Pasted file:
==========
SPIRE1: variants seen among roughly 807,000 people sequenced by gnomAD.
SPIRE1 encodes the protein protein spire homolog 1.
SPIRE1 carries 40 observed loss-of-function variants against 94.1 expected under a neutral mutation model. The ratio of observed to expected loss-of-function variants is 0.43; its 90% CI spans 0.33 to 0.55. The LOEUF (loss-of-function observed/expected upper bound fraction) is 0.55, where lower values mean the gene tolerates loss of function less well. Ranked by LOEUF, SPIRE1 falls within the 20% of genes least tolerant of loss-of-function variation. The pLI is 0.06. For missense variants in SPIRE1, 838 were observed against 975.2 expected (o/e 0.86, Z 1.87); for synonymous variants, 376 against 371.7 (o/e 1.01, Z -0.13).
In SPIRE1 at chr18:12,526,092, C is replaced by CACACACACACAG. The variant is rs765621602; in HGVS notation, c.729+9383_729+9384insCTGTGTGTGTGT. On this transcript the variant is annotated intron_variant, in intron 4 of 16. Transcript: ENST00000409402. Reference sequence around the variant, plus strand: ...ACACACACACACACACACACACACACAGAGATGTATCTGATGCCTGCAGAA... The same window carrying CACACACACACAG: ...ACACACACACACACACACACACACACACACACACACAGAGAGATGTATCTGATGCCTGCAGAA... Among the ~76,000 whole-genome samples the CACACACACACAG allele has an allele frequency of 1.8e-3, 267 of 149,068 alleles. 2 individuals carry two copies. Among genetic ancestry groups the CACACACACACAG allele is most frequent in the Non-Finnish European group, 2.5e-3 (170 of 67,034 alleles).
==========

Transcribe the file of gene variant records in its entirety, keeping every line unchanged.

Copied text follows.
SPIRE1: variants seen among roughly 807,000 people sequenced by gnomAD.
SPIRE1 encodes the protein protein spire homolog 1.
SPIRE1 carries 40 observed loss-of-function variants against 94.1 expected under a neutral mutation model. The ratio of observed to expected loss-of-function variants is 0.43; its 90% CI spans 0.33 to 0.55. The LOEUF (loss-of-function observed/expected upper bound fraction) is 0.55, where lower values mean the gene tolerates loss of function less well. Ranked by LOEUF, SPIRE1 falls within the 20% of genes least tolerant of loss-of-function variation. The pLI is 0.06. For missense variants in SPIRE1, 838 were observed against 975.2 expected (o/e 0.86, Z 1.87); for synonymous variants, 376 against 371.7 (o/e 1.01, Z -0.13).
In SPIRE1 at chr18:12,526,092, C is replaced by CACACACACACAG. The variant is rs765621602; in HGVS notation, c.729+9383_729+9384insCTGTGTGTGTGT. On this transcript the variant is annotated intron_variant, in intron 4 of 16. Transcript: ENST00000409402. Reference sequence around the variant, plus strand: ...ACACACACACACACACACACACACACAGAGATGTATCTGATGCCTGCAGAA... The same window carrying CACACACACACAG: ...ACACACACACACACACACACACACACACACACACACAGAGAGATGTATCTGATGCCTGCAGAA... Among the ~76,000 whole-genome samples the CACACACACACAG allele has an allele frequency of 1.8e-3, 267 of 149,068 alleles. 2 individuals carry two copies. Among genetic ancestry groups the CACACACACACAG allele is most frequent in the Non-Finnish European group, 2.5e-3 (170 of 67,034 alleles).